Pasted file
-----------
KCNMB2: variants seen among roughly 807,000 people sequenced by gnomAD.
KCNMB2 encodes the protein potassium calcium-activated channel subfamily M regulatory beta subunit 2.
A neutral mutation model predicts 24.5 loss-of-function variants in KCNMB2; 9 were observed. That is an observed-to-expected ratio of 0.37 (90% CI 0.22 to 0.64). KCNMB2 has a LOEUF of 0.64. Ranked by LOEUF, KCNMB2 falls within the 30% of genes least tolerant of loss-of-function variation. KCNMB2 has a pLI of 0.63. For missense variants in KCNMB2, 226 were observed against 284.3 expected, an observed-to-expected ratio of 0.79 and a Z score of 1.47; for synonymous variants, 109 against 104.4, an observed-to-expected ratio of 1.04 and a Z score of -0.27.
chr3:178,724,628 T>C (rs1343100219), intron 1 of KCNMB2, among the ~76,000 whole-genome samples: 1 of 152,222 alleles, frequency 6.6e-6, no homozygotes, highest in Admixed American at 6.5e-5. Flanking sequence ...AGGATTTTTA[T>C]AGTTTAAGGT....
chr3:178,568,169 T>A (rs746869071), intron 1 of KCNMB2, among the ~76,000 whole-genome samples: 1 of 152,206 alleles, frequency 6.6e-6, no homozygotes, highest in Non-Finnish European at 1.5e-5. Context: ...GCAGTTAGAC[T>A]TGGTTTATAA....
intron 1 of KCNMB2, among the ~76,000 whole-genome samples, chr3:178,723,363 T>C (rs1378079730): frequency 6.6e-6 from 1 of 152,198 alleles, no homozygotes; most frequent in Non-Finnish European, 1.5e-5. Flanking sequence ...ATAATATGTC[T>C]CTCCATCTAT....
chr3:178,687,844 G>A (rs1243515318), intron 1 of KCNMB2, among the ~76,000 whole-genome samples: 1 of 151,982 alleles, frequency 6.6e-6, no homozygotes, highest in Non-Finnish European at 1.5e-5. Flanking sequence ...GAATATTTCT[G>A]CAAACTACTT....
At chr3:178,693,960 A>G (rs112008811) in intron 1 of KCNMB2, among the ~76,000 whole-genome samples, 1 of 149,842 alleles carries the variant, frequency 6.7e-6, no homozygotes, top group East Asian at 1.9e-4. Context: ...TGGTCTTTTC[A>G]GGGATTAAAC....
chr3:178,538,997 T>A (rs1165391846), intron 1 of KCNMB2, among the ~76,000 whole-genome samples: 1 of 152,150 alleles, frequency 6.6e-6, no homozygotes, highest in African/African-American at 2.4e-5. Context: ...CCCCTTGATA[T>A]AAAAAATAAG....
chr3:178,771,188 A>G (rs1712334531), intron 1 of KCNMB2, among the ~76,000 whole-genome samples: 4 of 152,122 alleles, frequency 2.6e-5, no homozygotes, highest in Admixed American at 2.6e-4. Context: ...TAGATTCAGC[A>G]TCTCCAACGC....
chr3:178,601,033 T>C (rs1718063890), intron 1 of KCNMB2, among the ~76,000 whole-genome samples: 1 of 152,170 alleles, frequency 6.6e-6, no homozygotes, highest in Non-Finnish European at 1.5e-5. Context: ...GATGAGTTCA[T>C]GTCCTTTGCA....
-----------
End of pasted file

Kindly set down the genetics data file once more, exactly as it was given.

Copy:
KCNMB2: variants seen among roughly 807,000 people sequenced by gnomAD.
KCNMB2 encodes the protein potassium calcium-activated channel subfamily M regulatory beta subunit 2.
A neutral mutation model predicts 24.5 loss-of-function variants in KCNMB2; 9 were observed. That is an observed-to-expected ratio of 0.37 (90% CI 0.22 to 0.64). KCNMB2 has a LOEUF of 0.64. Ranked by LOEUF, KCNMB2 falls within the 30% of genes least tolerant of loss-of-function variation. KCNMB2 has a pLI of 0.63. For missense variants in KCNMB2, 226 were observed against 284.3 expected, an observed-to-expected ratio of 0.79 and a Z score of 1.47; for synonymous variants, 109 against 104.4, an observed-to-expected ratio of 1.04 and a Z score of -0.27.
chr3:178,724,628 T>C (rs1343100219), intron 1 of KCNMB2, among the ~76,000 whole-genome samples: 1 of 152,222 alleles, frequency 6.6e-6, no homozygotes, highest in Admixed American at 6.5e-5. Flanking sequence ...AGGATTTTTA[T>C]AGTTTAAGGT....
chr3:178,568,169 T>A (rs746869071), intron 1 of KCNMB2, among the ~76,000 whole-genome samples: 1 of 152,206 alleles, frequency 6.6e-6, no homozygotes, highest in Non-Finnish European at 1.5e-5. Context: ...GCAGTTAGAC[T>A]TGGTTTATAA....
intron 1 of KCNMB2, among the ~76,000 whole-genome samples, chr3:178,723,363 T>C (rs1378079730): frequency 6.6e-6 from 1 of 152,198 alleles, no homozygotes; most frequent in Non-Finnish European, 1.5e-5. Flanking sequence ...ATAATATGTC[T>C]CTCCATCTAT....
chr3:178,687,844 G>A (rs1243515318), intron 1 of KCNMB2, among the ~76,000 whole-genome samples: 1 of 151,982 alleles, frequency 6.6e-6, no homozygotes, highest in Non-Finnish European at 1.5e-5. Flanking sequence ...GAATATTTCT[G>A]CAAACTACTT....
At chr3:178,693,960 A>G (rs112008811) in intron 1 of KCNMB2, among the ~76,000 whole-genome samples, 1 of 149,842 alleles carries the variant, frequency 6.7e-6, no homozygotes, top group East Asian at 1.9e-4. Context: ...TGGTCTTTTC[A>G]GGGATTAAAC....
chr3:178,538,997 T>A (rs1165391846), intron 1 of KCNMB2, among the ~76,000 whole-genome samples: 1 of 152,150 alleles, frequency 6.6e-6, no homozygotes, highest in African/African-American at 2.4e-5. Context: ...CCCCTTGATA[T>A]AAAAAATAAG....
chr3:178,771,188 A>G (rs1712334531), intron 1 of KCNMB2, among the ~76,000 whole-genome samples: 4 of 152,122 alleles, frequency 2.6e-5, no homozygotes, highest in Admixed American at 2.6e-4. Context: ...TAGATTCAGC[A>G]TCTCCAACGC....
chr3:178,601,033 T>C (rs1718063890), intron 1 of KCNMB2, among the ~76,000 whole-genome samples: 1 of 152,170 alleles, frequency 6.6e-6, no homozygotes, highest in Non-Finnish European at 1.5e-5. Context: ...GATGAGTTCA[T>C]GTCCTTTGCA....